Arrests in economic crimes can steal time

For the past four or five years, someone pretending to be Jill Heller has been writing checks from her investment account and making them out to himself. So far, he's cashed in about $130,000.

Heller, a Naples resident, knows who it is. The cops know who it is. But more than eight months after Heller reported the crime, no arrest has been made.

"I was told that it could take a year to investigate," said Heller's brother, Gerry, who helps manage her finances. "Meanwhile, that person is out and free to do whatever they want, including spending the money that they've stolen."

Unlike other crimes, fraud cases can take months or years to investigate, even if authorities have a pretty good idea of who took the money.

"It is frustrating for us. We do want to put suspects in jail and make the victims whole," said Cmdr. Rod Bishop, of the Collier County Sheriff's Office. "But if you want us to get your money back and put the guy in prison, it's going to take a while and it's going to be frustrating."

In cases like check fraud, detectives have to subpoena records from the bank and obtain copies of all the checks. That process alone could take months.

"We only get the information back as quickly as the bank wants to cooperate," said Lt. Shawn Ramsey, who oversees the economic crimes unit at the Lee County Sheriff's Office.

If the checks were cashed at a merchant, they'll have to go to that business, talk to the clerk who took the check and obtain surveillance videos, if they still exists. For cases like credit card fraud, contractor fraud or identity theft, investigators must track purchased goods and prove fraudulent usage of the money.

Which all takes time.

"It's an elephant, and you have to take a small bite out of it at a time," Ramsey said.

Investigators in both Collier and Lee counties said they're also facing an increased case load. In particular, cases of identity thieves filing fraudulent tax returns have bogged authorities down.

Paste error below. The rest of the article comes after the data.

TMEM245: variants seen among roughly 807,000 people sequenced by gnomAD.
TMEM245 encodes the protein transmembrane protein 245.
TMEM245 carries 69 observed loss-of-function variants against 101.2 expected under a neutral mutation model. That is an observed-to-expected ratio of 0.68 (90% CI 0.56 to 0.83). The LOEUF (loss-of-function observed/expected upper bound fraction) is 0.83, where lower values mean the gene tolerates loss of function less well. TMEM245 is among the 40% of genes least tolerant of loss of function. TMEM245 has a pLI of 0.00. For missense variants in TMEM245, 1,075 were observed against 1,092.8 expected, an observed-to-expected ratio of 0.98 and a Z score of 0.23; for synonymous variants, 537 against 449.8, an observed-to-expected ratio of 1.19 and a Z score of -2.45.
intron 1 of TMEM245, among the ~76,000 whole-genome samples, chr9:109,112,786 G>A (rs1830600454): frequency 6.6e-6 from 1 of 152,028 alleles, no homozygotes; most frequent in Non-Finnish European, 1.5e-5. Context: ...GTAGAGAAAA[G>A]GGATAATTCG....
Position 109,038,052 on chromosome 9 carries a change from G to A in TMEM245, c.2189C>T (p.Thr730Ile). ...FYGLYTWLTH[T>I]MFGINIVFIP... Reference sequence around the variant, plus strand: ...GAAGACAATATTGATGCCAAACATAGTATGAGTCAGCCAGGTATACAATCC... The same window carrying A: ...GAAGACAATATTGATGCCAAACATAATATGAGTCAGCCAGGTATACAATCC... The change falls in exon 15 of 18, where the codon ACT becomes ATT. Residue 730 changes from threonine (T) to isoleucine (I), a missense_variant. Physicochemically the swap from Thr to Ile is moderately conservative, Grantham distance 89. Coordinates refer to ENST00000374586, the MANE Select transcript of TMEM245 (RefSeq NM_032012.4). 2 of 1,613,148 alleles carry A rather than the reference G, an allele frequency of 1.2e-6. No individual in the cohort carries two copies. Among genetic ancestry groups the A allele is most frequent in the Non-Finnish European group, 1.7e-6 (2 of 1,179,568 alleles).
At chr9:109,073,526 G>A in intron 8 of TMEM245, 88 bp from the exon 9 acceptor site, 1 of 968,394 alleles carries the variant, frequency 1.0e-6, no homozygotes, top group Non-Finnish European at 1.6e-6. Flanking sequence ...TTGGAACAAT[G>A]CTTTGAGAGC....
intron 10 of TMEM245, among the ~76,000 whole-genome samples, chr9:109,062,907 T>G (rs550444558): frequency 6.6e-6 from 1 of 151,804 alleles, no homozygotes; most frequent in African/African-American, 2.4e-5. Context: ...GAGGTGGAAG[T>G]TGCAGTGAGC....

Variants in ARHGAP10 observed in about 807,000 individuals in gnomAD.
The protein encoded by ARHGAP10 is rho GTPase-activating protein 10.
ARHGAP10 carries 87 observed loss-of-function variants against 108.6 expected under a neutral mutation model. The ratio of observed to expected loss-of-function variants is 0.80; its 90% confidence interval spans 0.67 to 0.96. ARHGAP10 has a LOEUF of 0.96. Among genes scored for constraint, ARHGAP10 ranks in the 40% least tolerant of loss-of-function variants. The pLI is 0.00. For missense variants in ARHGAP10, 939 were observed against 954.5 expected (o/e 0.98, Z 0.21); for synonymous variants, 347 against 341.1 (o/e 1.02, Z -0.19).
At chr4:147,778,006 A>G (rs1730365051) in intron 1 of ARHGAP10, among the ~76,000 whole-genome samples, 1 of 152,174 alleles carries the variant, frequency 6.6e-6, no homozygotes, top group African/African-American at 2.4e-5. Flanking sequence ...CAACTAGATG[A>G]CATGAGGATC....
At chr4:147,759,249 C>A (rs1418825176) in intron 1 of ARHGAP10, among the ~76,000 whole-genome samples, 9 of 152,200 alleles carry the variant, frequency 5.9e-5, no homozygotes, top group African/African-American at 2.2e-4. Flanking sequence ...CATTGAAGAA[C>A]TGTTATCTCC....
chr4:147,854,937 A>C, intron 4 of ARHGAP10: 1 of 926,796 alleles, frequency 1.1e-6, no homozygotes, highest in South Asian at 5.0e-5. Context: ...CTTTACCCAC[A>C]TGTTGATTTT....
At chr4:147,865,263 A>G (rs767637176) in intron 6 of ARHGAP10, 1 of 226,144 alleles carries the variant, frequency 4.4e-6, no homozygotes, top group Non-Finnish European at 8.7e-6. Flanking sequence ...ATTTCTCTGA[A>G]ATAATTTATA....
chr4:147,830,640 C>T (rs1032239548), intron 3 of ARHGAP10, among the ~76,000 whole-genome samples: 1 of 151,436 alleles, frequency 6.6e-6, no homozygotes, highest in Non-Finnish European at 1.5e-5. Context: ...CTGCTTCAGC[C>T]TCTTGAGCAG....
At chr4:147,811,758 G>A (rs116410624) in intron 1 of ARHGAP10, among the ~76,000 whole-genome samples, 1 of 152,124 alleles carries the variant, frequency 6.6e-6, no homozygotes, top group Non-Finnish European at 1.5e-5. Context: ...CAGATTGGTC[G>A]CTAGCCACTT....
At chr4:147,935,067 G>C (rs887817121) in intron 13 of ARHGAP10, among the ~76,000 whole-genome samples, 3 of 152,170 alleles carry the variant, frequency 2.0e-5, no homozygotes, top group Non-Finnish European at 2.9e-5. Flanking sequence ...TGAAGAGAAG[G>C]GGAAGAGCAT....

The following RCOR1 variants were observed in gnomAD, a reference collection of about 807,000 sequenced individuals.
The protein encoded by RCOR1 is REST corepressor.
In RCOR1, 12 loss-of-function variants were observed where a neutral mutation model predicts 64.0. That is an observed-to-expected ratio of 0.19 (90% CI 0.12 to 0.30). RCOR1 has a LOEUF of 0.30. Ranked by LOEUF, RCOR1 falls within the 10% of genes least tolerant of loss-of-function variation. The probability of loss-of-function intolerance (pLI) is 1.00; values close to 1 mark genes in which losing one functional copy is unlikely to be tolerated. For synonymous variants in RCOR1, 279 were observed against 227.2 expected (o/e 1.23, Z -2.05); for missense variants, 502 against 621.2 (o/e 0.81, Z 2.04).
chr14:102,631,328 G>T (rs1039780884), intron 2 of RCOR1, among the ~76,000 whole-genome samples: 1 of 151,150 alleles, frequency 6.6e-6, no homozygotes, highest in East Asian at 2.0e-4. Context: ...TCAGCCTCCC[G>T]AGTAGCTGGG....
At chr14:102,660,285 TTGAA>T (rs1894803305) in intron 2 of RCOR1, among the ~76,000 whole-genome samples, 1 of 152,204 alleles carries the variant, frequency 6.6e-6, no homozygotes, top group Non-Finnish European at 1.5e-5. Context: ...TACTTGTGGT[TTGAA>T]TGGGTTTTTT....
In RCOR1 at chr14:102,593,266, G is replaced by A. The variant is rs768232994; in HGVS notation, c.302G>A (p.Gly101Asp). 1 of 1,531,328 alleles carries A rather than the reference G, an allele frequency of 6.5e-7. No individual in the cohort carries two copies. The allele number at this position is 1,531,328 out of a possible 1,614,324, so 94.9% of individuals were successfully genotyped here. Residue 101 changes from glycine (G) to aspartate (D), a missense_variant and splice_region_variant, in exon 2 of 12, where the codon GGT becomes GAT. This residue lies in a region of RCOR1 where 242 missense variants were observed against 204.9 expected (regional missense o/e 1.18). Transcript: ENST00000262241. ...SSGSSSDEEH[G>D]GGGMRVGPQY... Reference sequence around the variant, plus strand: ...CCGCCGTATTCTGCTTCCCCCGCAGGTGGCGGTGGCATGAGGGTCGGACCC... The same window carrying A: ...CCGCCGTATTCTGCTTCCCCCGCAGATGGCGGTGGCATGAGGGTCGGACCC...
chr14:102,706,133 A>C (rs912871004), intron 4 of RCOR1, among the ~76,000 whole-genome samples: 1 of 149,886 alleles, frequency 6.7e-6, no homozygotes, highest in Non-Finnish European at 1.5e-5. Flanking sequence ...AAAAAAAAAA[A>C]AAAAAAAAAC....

"Our case load spiked during the tax return season, of course," Ramsey said. "Even though electronic filing has made it much easier for the average person to file it, it has made it easier for individuals to victimize people."

Detectives in economic crimes might be investigating 50 to 60 cases at any given time, Bishop and Ramsey said.

"It's a juggling act. You're waiting," Bishop said. "You put it in basically a file, and as you get information, you go back to that case."

But after months without resolution, victims sometimes get desperate enough to make a deal with the devil.

After she made her report to the Sheriff's Office, Jill Heller said she persuaded the person who was defrauding her to pay her back on his own accord. He wrote Heller a check for $23,000, but when she took it to the bank, it bounced.

"He has basically disappeared," she said. "What's so frustrating is that he has not been arrested by the police. It's taking forever, it seems like."

But the arrangement Heller made could end up costing her. Negotiating with the suspect is discouraged because it can interfere with law enforcement's work, Bishop said.

"People don't realize," he said. "They've now led themselves down a civil-only path. If it's a verbal or written contract, that kind of trumps the criminal charges.

"Don't try to make deals — that's a no-no. It's one thing that hampers us often. Sometimes we can get around it, but it's depending on what type of fraud it was."

After watching his sister have the majority of her life savings stolen from her, Gerry Heller said he has become disillusioned with the way the justice system deals with economic crimes.

"We need to demand some kind of change. It's just not fair, or appropriate, or helpful," he said.

"And you know, boy, if I was somebody who was thinking about stealing, I probably wouldn't be deterred very much if I knew I could probably get away with it."

© 2012 marconews.com. All rights reserved. This material may not be published, broadcast, rewritten or redistributed.

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